To a large extent, a sizable number of MNCs and well to do national companies have jumped into a cost-cutting frenzy that continually becomes intoxicating. It is increasingly becoming a matter of survival for boards and C-suite execs to post better figures per quarter than to stand for something or mean something socially. Our business segment is now punctuated by news of blatant layoffs cosmetically packaged as necessary cost cutting or the more trendy one of ‘going lean’. – so what is my fuss all about? Going lean means a disrupted livelihood, sometimes long-term unemployment – it is a very disempowering encounter. This is why I tell our awesome UReadyAfrica students that blue chip companies no longer create jobs, unlike popular opinion.
I know what you are thinking, that some are truly justified and had no choice – true. However, the philosophy behind most layoffs lacks a human and social face. Let me emphasize this: There has never been a time when companies laid off so many people despite the fact that they were still profitable. Indeed, there has never been a time that we glorified quarter, mid or end of year results like today.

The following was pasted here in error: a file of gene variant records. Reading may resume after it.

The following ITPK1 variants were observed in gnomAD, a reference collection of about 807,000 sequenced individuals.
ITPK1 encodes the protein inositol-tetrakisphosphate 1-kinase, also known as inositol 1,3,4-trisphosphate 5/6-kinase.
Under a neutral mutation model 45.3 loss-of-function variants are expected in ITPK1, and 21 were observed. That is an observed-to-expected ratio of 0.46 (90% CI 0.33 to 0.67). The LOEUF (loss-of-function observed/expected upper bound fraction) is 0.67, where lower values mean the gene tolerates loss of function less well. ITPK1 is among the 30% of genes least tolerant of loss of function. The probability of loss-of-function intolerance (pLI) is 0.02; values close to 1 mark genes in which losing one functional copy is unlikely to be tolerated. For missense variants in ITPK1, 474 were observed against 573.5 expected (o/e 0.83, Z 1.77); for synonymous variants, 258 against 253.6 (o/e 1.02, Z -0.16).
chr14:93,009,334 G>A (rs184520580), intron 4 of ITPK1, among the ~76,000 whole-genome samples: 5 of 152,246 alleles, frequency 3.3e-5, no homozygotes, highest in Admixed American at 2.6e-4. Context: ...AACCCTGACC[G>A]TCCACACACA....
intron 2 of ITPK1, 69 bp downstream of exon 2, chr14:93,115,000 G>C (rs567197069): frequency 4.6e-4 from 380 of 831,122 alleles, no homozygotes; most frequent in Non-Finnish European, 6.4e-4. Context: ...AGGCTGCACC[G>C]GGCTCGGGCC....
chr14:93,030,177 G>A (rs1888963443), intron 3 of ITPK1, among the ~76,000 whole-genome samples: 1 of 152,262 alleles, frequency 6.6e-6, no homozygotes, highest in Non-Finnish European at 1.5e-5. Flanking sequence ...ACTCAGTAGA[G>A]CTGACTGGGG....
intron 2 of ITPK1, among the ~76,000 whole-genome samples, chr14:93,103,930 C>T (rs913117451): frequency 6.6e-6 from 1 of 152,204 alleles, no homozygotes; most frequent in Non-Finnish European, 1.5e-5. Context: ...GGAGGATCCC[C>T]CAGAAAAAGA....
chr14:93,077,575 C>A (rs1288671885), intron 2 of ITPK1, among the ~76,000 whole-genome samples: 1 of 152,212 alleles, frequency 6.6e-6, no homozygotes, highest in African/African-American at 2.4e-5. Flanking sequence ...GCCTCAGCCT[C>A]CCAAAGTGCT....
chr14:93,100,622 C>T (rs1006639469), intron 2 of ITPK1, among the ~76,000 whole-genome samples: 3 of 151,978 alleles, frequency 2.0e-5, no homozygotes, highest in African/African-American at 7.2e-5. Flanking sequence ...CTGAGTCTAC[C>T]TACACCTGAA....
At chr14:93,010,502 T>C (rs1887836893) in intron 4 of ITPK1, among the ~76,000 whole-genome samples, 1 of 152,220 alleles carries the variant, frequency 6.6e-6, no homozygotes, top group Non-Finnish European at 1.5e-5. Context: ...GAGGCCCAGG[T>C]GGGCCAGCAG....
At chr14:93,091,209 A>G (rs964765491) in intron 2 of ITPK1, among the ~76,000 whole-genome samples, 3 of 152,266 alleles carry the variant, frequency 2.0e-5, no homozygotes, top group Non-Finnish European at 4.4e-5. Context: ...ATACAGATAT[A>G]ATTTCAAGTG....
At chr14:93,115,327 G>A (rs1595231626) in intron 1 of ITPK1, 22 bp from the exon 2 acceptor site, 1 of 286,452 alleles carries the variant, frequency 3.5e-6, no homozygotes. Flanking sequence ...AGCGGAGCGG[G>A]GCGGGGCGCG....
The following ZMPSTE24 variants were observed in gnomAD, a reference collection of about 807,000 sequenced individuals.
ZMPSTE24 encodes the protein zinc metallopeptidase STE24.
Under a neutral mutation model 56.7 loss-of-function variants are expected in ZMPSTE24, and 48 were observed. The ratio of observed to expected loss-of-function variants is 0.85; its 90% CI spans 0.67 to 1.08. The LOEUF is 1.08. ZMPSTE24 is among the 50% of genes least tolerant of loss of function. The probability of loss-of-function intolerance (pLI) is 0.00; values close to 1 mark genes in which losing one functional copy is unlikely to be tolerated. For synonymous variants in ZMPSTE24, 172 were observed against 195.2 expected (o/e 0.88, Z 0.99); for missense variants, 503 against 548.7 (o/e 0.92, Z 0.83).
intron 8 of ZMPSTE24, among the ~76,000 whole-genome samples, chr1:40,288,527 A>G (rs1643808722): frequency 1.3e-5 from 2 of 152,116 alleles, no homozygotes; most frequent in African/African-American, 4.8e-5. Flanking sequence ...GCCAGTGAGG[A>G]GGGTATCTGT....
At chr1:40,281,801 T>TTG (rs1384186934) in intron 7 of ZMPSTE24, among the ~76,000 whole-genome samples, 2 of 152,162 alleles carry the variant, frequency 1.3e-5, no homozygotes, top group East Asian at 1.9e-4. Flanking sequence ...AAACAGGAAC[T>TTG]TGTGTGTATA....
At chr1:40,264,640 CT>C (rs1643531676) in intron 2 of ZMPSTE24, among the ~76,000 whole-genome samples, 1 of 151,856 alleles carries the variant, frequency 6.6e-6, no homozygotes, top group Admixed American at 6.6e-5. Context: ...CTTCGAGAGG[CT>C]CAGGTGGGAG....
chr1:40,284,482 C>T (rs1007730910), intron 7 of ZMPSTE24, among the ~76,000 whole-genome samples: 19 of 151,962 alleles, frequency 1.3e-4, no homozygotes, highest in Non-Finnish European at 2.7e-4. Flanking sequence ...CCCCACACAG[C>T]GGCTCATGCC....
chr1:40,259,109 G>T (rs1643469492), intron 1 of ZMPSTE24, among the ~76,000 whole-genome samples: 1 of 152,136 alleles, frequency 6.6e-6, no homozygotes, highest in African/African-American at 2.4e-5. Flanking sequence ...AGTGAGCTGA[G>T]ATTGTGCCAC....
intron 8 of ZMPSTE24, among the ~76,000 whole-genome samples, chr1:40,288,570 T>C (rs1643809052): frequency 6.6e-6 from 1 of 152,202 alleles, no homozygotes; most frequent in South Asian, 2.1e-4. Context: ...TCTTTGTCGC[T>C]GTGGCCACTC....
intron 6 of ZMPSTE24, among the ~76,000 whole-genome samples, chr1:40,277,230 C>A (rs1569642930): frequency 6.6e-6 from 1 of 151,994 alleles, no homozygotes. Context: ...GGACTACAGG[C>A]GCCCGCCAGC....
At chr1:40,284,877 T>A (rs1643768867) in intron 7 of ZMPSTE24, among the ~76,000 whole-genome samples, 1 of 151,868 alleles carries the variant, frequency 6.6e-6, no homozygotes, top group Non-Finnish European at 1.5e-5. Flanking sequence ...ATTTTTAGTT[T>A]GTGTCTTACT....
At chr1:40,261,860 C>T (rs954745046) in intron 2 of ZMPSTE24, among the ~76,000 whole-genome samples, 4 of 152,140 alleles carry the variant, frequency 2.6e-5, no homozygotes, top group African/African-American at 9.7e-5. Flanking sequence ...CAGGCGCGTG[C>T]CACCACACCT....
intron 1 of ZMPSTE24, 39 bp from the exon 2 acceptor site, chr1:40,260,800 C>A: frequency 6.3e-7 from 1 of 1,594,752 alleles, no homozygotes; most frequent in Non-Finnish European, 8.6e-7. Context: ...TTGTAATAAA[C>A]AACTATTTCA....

Secondly, I would like you to now consider the celebrated tech companies that led the disruption. Before their razor sharp PR campaigns and the appeals of their gadgets fool you ask yourself whether their business model is socially conscious. You will discover that most of these trendy tech celebrity companies are by no measure awesome job creators.They are machines of wealth creation for investors. Here are a few pointers:
a). Crazy valuations
Just imagine that Apple’s market value is bigger than all but 19 countries GDPs – note that most of the 19 countries either have oil, colonized someone or are extremely large. In fact, Saudi Arabia, world’s oil richest country is only $68 (the current valuation of Uber) billion richer than Apple. Which is fascinating since if Apple acquired Uber it would surpass oil fields and people of Saudi. Now think about how much jobs this company or its peers have created.
b). Growth without jobs.